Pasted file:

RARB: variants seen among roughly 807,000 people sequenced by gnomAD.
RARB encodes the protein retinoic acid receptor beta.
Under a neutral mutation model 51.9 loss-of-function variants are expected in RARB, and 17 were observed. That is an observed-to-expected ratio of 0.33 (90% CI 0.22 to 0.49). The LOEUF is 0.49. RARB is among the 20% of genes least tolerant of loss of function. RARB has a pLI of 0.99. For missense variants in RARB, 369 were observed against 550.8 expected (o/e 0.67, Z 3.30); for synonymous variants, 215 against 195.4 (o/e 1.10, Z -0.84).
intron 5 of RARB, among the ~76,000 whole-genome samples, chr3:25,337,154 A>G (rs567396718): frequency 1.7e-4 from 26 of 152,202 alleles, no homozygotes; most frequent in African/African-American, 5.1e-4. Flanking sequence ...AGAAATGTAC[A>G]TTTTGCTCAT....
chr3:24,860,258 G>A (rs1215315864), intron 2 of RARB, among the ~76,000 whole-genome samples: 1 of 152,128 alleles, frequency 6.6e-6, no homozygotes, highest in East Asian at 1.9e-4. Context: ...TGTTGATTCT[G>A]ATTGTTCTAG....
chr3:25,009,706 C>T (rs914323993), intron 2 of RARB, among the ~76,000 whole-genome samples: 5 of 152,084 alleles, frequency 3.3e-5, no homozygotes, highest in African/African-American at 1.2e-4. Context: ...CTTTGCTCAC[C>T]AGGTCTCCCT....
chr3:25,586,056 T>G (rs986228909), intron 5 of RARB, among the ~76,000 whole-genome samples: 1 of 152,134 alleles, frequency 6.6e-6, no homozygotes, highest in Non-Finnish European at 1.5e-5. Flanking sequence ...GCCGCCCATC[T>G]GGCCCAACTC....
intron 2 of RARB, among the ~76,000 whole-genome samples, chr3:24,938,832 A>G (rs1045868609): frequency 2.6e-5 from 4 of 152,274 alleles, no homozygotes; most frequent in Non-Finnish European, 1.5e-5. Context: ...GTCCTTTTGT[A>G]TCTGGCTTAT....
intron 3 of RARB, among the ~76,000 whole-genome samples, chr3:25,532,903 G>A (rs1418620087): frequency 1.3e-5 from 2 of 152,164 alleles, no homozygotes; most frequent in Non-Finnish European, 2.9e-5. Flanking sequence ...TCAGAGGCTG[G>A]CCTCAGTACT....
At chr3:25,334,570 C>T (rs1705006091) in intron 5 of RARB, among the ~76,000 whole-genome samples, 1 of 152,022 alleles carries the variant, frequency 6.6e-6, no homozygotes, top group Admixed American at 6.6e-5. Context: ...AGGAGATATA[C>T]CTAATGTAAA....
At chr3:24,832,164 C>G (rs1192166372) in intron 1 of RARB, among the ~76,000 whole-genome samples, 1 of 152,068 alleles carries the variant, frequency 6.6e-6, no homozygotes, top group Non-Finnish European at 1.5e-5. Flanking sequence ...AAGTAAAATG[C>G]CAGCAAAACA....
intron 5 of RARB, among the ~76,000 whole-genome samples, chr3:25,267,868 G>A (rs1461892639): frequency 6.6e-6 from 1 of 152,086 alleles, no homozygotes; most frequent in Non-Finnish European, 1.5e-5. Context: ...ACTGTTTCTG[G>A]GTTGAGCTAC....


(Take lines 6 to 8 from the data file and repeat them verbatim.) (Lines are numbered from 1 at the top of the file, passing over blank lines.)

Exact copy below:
chr3:25,009,706 C>T (rs914323993), intron 2 of RARB, among the ~76,000 whole-genome samples: 5 of 152,084 alleles, frequency 3.3e-5, no homozygotes, highest in African/African-American at 1.2e-4. Context: ...CTTTGCTCAC[C>T]AGGTCTCCCT....
chr3:25,586,056 T>G (rs986228909), intron 5 of RARB, among the ~76,000 whole-genome samples: 1 of 152,134 alleles, frequency 6.6e-6, no homozygotes, highest in Non-Finnish European at 1.5e-5. Flanking sequence ...GCCGCCCATC[T>G]GGCCCAACTC....
intron 2 of RARB, among the ~76,000 whole-genome samples, chr3:24,938,832 A>G (rs1045868609): frequency 2.6e-5 from 4 of 152,274 alleles, no homozygotes; most frequent in Non-Finnish European, 1.5e-5. Context: ...GTCCTTTTGT[A>G]TCTGGCTTAT....